As a third generation Armenian American,, its hard not being conservative and doing what your family expects, all the gossip and critcizm.. and thats being straight, i can only imagine what its like to be gay, i know my family would cut me off and never talk to me again and everyone would shun me.

  12. elpe4457 said:

    Jen, it’s sad to hear that as a third generation Armenian American still the taboo of having a gay son or daughter is haunting, as far as I know the parents love to their children is unconditional,and yes, real friends stick with you the hard times rather criticise and that’s when you know the real friends from fake ones, and who needs the latter?????

  13. ashot said:

    its so weird to me that armenians who were persecuted and almost anahilated for our religious preference would turn around and persecute a group for there sexual preference…its not like they choose to be gay and get messed with its just part of who they are…we have to be open to it..because if we persecute one group then were giving oppurtunity to others to do the same to us…i just feel so sorry for all the young gay kids who get picked on so much that they kill themselves…i was once one of the people who would be making fun of them to..i wish i hadnt been a follower..i dont think any child deserves to feel suicidal because of something they want which does not harm anyone..:(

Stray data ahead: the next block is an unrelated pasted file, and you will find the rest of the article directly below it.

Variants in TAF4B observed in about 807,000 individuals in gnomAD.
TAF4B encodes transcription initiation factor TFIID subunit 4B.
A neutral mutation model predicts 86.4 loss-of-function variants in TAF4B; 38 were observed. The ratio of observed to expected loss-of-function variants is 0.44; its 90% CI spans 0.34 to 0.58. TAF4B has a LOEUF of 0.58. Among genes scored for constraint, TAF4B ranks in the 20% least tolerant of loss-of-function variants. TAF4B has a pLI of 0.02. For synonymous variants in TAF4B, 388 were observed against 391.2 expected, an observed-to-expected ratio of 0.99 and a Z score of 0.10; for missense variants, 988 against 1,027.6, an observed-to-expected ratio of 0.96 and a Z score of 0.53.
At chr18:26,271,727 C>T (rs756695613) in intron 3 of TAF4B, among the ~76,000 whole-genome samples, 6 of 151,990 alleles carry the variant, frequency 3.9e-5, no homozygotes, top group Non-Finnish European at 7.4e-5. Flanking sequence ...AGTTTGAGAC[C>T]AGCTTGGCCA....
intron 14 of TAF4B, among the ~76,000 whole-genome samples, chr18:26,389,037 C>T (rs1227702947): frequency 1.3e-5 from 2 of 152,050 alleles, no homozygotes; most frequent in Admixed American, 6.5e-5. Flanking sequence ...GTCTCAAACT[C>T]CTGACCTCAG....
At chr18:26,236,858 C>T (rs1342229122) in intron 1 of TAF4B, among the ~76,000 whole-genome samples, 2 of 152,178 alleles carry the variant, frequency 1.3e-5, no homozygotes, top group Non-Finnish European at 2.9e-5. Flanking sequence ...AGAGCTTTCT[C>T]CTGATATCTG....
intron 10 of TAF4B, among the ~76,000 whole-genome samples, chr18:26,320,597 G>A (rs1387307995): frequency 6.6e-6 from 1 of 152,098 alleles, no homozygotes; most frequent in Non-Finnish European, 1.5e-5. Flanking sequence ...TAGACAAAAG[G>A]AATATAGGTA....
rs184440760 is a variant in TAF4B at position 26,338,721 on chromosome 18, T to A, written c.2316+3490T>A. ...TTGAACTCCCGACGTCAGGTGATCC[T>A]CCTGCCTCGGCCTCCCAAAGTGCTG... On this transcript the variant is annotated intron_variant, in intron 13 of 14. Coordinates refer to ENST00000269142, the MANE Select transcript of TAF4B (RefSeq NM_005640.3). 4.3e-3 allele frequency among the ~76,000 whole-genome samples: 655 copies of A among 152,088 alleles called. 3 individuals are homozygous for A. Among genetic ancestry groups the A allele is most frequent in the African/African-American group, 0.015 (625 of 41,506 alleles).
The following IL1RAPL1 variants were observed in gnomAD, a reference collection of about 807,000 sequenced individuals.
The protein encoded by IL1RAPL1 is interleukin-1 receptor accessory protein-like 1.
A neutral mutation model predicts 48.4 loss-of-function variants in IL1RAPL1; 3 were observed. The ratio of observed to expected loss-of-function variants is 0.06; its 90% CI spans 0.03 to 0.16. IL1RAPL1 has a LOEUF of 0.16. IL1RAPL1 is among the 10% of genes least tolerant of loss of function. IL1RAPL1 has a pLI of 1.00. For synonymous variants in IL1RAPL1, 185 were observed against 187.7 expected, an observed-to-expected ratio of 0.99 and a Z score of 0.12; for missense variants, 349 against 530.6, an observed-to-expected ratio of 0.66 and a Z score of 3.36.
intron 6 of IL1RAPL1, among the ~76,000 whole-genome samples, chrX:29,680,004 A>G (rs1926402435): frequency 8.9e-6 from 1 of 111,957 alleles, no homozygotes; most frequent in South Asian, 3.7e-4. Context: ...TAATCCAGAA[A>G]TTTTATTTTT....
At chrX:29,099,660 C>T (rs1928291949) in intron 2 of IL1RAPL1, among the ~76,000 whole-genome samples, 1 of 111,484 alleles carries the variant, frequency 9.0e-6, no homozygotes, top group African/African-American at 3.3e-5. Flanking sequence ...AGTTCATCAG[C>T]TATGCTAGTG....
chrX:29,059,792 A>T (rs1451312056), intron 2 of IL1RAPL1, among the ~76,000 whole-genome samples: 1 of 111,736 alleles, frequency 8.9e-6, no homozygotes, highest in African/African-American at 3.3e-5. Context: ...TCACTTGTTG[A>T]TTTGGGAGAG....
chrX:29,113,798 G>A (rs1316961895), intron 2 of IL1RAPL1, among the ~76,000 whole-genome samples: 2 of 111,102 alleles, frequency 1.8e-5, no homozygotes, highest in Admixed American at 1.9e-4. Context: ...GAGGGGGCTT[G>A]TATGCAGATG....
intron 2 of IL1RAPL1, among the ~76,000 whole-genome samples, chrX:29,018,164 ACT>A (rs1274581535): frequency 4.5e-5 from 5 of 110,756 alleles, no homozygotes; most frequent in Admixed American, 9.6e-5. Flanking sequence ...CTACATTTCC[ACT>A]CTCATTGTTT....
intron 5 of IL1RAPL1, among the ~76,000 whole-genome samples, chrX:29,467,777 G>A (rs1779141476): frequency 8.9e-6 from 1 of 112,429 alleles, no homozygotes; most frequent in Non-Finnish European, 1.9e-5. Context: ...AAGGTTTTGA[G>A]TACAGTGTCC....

14. ArdeVast Atheian said:

    It makes me cry to see so many of your readers showing so much intolerance towards Armenians who are homosexuals. I see a lot of similarities between Armenians and homosexuals. Both have suffered tremendous pain and persecution. Shall we throw out Armenian Patriots just because they are homosexual? I could care less about Armenian heterosexuals just because they are the norm. Give me one Patriotic Armenian and I will forget about one thousand normals doing nothing for our cause.

  15. shahan said:

    Dear All
    It is such a shame that we condemn our own folk just because they are homosexual. Homosexuality existed for millenia and there is nothing we can do about it. Again speaking openly, they are our sons, bothers, sisters, daughters or even parents. They are not a danger to our way of living, but this ridiculous Queer bashing that goes on in Yerevan should stop, after all, some of our Fedayis are gay and some of our kings were bisexual. So PLEASE stop pointing the blame, it is the icredulous that need treatment not the other way round. If you are still not convinced then have look on the web and and see for yourself!!!!